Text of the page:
The sedatives — benzodiazepines — are considered an underrecognized contributor to public health crisis of drug overdoses.
Millions of Americans suffering from anxiety and insomnia are prescribed a class of sedatives known as benzodiazepines.
Known under the popular trade names Xanax, Valium and Ativan, these medications have been widely prescribed beginning in the 1970s. However, long-term treatment with these medications have also been associated with serious clinical risks, including falls, respiratory problems, cognitive impairments and harmful interactions with other medications.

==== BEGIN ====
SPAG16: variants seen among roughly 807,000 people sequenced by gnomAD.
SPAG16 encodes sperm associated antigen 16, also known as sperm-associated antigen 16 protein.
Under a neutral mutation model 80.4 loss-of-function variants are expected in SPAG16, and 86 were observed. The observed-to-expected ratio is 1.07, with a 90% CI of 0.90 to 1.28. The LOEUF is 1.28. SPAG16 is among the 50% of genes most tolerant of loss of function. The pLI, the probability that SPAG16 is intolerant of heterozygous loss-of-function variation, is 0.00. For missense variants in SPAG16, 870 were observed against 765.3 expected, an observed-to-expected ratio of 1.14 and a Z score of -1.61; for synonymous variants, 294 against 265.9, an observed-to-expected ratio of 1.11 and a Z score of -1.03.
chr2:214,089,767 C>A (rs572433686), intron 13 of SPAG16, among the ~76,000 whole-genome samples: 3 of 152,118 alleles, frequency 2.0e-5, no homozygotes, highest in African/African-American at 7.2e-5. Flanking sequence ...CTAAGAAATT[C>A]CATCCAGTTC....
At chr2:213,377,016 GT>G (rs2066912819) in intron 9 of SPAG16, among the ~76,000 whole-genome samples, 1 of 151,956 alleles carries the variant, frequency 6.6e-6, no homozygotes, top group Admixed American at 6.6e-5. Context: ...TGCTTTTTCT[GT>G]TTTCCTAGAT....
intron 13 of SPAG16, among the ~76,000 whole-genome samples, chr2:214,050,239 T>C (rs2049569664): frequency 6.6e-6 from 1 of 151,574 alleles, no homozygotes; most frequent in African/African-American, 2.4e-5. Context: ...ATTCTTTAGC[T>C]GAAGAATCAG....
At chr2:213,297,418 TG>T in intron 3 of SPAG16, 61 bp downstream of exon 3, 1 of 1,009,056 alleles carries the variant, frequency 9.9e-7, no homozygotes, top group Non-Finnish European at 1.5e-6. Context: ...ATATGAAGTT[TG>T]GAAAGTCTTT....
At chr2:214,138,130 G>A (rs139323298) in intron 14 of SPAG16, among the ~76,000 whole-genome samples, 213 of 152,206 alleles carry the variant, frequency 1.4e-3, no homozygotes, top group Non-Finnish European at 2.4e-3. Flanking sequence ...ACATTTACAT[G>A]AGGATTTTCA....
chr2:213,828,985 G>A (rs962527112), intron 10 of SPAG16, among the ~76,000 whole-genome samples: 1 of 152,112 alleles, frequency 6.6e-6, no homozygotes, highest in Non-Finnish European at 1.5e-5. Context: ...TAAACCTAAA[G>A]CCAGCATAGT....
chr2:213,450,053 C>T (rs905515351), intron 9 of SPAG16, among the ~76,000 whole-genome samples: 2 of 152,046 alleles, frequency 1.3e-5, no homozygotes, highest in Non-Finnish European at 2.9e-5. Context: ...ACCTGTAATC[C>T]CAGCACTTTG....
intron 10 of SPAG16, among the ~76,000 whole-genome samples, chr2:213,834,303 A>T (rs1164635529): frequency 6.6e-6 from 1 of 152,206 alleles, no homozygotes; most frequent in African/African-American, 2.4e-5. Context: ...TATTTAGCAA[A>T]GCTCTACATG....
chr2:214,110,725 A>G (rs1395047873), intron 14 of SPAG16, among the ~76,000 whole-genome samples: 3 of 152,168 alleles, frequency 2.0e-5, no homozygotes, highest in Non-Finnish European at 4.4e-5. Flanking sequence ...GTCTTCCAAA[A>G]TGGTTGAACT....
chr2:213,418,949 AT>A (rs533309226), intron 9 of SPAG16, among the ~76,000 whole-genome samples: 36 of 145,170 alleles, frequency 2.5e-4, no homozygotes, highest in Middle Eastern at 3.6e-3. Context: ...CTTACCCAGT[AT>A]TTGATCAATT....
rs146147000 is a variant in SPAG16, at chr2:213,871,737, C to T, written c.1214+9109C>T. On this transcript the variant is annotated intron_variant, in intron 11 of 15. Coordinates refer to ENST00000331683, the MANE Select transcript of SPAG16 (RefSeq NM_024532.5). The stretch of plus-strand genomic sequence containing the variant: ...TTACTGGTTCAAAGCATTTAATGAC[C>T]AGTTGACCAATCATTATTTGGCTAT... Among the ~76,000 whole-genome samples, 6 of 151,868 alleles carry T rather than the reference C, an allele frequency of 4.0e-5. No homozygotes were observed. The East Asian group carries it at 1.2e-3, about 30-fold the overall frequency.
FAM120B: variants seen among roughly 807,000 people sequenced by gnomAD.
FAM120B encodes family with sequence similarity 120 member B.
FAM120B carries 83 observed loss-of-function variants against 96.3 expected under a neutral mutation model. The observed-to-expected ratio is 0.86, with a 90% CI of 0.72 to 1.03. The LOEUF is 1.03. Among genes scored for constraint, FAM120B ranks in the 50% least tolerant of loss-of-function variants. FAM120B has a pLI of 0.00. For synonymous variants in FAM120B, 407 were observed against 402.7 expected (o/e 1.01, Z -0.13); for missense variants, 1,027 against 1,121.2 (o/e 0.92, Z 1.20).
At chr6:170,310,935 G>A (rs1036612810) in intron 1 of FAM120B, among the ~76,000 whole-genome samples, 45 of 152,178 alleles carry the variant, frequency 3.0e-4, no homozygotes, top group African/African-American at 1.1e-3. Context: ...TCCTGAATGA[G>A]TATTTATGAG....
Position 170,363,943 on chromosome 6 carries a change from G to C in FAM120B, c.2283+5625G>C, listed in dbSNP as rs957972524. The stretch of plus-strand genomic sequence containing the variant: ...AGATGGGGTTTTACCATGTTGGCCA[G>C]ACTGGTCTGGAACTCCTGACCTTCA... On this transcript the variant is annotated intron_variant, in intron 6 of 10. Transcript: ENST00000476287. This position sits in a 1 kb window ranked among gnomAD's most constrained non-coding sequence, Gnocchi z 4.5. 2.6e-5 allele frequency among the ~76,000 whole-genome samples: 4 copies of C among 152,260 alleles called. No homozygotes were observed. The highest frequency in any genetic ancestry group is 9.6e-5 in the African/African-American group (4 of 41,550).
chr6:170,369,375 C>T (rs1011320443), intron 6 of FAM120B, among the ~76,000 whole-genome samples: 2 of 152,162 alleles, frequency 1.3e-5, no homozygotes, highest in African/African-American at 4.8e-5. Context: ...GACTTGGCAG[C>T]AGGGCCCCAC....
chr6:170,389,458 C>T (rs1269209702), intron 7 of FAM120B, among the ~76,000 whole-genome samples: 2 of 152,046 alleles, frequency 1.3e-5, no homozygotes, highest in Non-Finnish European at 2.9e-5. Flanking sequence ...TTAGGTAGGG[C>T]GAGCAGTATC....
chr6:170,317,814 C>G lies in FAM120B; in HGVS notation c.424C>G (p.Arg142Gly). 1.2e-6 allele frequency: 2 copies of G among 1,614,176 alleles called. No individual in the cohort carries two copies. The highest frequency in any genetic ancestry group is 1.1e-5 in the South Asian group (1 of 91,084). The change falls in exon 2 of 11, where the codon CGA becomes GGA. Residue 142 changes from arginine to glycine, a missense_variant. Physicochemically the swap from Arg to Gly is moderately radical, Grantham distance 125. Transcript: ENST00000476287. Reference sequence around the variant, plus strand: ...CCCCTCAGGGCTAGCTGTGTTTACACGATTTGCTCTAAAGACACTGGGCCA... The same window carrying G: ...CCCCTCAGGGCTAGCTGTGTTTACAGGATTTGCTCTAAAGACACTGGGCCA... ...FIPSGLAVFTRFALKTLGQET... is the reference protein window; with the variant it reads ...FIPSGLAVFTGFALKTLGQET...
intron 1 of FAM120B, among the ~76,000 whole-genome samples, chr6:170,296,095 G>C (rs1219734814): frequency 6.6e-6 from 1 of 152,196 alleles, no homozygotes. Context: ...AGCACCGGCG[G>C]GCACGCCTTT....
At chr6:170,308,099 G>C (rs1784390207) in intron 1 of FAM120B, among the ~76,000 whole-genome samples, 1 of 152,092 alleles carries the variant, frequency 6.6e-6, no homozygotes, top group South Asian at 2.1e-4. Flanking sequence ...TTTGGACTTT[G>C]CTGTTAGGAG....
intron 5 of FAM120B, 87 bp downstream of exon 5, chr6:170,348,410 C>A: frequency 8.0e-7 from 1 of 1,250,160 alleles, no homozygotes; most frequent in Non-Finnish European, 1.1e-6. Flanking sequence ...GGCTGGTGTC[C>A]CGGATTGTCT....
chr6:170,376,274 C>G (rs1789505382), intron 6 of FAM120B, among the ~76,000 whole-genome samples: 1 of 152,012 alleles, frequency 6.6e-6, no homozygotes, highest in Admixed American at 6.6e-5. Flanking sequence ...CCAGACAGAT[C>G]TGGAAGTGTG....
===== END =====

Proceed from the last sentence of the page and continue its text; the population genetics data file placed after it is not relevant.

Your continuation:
Many physicians are now appropriately working with patients to taper these medications, but the tapers themselves often create a new set of problems: Severe physical withdrawal symptoms such as tremors and high blood pressure; dangerous psychiatric conditions such as depression and suicidal thoughts; and the recurrence of the underlying conditions of anxiety and insomnia that the medication was originally intended to treat. The underlying conditions often return much worse than before.
Now, a group of physician-scientists at Oregon Health & Science University and the VA Portland Health Care System have coined a new term for this phenomenon: Complex persistent benzodiazepine dependence, or CPBD.